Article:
Propagating unique Falkland Islands plants
Kit Strange from Kew's Hardy Display Section has recently returned from the Falkland Islands, where she worked with partners from Falklands Conservation on the continuing development of a collection of native plants.
Introducing the Falkland Islands
The Falkland Islands are one of the UK Overseas Territories, located in the South Atlantic Ocean, almost 500 km to the east of South America. They have about 170 different species of native plants, 13 of them found nowhere else in the world. The native plant propagation initiative will encourage gardeners and horticulturists on the island to grow their own unique plants rather than relying on exotic ornamental species. In the past, introduced garden plants have sometimes become invasive, threatening the islands’ natural vegetation. Kew’s UK Overseas Territories team works with Falklands Conservation and other partners, studying the vegetation and investigating the threats it faces, particularly from invasive plants and from grazing animals.
Conserving plant life
Kit Strange, who works within Kew’s Hardy Display Section, has recently returned from the Falkland Islands, where she worked with partners from Falklands Conservation on the continuing development of a collection of native plants. These will then be available for sale to island gardeners via the Stanley Growers Garden Centre. Here are some excerpts from the programme of activities whilst she was there:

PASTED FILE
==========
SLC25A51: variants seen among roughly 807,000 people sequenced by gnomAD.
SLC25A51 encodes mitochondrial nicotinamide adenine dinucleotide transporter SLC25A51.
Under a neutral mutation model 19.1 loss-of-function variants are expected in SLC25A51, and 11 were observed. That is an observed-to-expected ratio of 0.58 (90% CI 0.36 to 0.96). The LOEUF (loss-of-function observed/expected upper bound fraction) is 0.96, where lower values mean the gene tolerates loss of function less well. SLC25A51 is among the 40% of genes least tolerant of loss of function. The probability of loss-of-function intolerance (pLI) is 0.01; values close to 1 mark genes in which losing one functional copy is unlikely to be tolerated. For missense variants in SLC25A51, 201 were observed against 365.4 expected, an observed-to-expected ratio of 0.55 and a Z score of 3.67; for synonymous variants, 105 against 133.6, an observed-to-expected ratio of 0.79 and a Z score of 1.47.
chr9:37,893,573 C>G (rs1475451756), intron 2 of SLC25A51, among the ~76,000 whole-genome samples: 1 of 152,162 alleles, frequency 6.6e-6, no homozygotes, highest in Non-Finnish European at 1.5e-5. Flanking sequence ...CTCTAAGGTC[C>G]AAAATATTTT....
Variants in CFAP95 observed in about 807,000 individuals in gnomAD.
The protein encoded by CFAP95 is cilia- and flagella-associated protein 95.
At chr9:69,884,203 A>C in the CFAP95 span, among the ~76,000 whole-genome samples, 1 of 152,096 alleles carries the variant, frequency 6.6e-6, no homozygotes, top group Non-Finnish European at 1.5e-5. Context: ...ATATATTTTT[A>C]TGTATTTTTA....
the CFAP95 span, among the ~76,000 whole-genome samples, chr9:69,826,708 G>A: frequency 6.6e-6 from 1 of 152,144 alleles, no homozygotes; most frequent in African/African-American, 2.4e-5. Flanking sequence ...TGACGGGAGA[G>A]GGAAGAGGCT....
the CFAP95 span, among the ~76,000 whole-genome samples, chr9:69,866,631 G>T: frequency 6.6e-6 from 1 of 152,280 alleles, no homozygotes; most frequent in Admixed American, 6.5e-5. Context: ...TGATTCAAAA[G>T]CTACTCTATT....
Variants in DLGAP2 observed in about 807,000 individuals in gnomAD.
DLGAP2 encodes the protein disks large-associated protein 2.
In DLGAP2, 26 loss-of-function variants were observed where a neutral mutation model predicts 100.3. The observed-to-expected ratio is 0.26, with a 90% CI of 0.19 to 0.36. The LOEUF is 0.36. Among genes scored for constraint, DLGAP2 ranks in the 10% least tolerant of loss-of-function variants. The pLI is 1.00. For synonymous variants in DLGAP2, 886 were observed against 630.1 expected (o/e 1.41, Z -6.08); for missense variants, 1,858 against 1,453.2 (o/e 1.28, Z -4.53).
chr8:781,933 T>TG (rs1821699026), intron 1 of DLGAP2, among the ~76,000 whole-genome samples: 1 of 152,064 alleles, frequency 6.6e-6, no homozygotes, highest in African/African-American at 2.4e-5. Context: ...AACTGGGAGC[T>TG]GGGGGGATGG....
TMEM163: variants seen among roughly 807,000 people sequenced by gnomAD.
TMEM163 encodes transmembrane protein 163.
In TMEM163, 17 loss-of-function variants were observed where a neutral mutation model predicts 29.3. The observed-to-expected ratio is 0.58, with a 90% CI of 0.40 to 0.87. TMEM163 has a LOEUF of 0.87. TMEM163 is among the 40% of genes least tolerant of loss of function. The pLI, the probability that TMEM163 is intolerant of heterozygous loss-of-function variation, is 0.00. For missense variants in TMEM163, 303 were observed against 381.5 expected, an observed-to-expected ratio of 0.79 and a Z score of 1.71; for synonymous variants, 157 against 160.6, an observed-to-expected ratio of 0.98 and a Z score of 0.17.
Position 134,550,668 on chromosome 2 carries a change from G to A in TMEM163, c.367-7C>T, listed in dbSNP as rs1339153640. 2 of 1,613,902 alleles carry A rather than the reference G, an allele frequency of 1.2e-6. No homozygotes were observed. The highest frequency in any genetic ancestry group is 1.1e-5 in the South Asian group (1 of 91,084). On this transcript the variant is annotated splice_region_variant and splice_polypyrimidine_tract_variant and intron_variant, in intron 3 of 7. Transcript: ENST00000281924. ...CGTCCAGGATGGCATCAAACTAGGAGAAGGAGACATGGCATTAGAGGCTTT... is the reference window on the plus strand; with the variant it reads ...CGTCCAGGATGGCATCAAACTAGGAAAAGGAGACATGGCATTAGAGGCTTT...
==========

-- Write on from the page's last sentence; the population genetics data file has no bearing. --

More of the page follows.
"Today I worked with Cynthia Williams at Stanley Growers Nursery to prick out some seedlings that have germinated since she sowed the last batch of seed from the Millennium Seed Bank. These included Falkland woolly ragwort (Senecio littoralis), button weed (Leptinella scariosa), wild celery (Apium australe), marsh daisy (Symphiotrichum vahlii), Falkland rock cress (Phlebolobium maclovianum), Moore’s plantain (Plantago moorei) and prickly burr (Acaena magellanica). They were all quite big plants already.
Falklands woolly ragwort seedlings (Image: RBG Kew)
"Yesterday, Cynthia and I looked at some of the plants which are more difficult to germinate. We sowed some primula seed (Primula magellanica), which needs light to germinate, so we put a piece of glass on the top of the tray to let light through whilst keeping the seeds moist. For the fern spores, we used pine-needles to increase the soil acidity and keep the roots cool.
After sowing, tall fern (Blechnum magellanicum) spores are covered with pine needles (front right). The round pot contains seeds of Viola maculata which is already much in demand from island gardeners. (Image: RBG Kew)
"We also collected seed from emerald bog (Colobanthus subulatus). This is a particularly difficult seed to collect – we had to use tweezers. Last week, we potted up 100 cuttings of fachine (Chiliotrichum diffusum) and a hundred of Christmas bush (Baccharis magellanica).
The painstaking process of collecting seed of Colobanthus subulatus (Image: RBG Kew)
"While I’m here, I am giving a science lesson at the school and a talk to the Falklands’ Horticultural Society about growing the native and endemic species. Rebecca Upson from Falklands Conservation is also taking me to Mount Challenger to get some shield fern (Polystichum mohrioides) so that we can try growing this from spores. This shield fern is only found on the Falkland Islands and South Georgia (another UK Overseas Territory)."
- Pat -